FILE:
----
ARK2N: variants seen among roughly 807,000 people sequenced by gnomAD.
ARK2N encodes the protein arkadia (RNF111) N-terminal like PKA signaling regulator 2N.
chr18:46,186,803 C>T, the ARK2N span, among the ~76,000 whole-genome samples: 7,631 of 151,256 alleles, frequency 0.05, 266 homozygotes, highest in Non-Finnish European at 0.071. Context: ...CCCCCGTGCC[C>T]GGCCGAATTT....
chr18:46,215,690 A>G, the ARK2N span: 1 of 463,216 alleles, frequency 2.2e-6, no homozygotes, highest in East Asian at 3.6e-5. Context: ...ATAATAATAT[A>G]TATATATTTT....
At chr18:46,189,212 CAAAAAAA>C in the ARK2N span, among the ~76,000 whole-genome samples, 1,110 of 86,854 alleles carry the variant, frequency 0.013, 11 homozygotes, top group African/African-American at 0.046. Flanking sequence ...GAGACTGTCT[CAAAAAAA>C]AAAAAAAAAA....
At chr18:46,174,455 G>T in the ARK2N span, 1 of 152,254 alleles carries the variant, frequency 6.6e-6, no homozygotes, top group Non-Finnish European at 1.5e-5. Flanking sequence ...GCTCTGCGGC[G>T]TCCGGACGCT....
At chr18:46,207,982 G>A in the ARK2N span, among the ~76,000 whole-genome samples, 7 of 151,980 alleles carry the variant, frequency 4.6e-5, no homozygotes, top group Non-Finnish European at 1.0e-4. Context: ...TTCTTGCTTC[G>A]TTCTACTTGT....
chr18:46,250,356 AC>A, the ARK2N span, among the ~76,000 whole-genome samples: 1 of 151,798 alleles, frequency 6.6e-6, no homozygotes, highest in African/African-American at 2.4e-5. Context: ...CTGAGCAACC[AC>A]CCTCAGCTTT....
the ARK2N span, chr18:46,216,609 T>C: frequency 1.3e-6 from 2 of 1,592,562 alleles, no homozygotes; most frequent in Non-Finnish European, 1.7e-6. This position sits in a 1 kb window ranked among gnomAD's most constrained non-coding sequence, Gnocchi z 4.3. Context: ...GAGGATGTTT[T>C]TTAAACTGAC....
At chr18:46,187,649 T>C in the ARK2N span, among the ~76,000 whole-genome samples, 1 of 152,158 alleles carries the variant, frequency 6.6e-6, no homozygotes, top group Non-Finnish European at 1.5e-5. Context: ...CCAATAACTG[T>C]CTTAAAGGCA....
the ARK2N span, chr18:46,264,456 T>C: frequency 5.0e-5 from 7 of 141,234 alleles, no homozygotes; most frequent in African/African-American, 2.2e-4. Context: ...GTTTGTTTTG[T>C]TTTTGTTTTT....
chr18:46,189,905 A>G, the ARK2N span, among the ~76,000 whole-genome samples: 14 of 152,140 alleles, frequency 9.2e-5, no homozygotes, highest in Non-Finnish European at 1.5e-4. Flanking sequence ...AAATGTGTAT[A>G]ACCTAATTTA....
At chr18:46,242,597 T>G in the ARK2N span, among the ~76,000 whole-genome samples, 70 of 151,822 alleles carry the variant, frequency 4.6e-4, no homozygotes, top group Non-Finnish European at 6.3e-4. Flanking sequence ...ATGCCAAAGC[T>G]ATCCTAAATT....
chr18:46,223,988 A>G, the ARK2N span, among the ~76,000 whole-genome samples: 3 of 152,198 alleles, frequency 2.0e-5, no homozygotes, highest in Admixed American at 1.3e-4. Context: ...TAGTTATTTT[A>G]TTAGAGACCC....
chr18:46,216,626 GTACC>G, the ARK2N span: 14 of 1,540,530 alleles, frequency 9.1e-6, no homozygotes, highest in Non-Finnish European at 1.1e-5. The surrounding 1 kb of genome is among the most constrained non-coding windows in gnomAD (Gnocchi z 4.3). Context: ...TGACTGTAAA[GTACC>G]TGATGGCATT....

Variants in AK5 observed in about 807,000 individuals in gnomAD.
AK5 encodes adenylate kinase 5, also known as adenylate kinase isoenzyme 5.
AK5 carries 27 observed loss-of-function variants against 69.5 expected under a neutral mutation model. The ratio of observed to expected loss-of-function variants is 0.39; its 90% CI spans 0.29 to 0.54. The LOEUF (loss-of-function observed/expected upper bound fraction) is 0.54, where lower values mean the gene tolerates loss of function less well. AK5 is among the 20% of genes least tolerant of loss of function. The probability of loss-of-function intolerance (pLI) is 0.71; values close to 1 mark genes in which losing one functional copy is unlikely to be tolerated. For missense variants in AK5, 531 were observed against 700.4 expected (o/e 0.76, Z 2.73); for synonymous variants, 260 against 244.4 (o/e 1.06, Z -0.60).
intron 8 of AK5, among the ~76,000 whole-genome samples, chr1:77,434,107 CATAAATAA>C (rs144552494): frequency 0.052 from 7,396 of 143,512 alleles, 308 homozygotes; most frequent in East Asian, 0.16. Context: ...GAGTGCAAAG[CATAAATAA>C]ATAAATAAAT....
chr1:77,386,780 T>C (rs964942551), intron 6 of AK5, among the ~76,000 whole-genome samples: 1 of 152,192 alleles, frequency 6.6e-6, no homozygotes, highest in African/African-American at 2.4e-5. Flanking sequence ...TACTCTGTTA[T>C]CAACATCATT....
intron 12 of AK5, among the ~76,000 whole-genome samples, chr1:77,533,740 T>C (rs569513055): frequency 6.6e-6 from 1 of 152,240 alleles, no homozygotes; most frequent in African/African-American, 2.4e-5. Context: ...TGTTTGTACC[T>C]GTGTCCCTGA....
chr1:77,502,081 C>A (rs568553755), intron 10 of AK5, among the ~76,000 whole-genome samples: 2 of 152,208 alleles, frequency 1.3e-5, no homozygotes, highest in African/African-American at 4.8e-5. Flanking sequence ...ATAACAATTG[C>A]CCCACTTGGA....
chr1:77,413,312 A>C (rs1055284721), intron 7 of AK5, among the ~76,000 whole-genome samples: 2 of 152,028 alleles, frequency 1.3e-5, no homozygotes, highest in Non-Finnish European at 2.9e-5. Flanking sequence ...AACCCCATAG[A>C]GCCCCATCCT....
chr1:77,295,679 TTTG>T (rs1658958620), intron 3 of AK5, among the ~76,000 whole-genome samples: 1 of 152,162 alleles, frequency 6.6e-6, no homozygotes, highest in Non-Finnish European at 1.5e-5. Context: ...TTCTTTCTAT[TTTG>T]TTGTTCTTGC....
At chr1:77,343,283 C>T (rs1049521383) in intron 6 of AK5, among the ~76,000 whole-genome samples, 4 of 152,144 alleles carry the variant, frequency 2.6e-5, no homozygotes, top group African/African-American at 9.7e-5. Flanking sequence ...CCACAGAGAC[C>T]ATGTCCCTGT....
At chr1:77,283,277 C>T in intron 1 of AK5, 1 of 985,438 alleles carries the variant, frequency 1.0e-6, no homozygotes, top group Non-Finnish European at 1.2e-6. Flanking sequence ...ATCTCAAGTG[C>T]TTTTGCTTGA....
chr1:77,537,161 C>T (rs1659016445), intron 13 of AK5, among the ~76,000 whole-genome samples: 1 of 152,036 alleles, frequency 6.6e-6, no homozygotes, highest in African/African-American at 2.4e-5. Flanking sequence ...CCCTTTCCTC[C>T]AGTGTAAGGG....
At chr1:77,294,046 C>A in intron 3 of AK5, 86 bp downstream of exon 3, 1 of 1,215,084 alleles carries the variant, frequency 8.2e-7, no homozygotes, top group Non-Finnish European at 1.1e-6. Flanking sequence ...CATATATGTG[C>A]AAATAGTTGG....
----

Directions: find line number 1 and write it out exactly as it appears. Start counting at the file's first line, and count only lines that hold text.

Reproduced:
ARK2N: variants seen among roughly 807,000 people sequenced by gnomAD.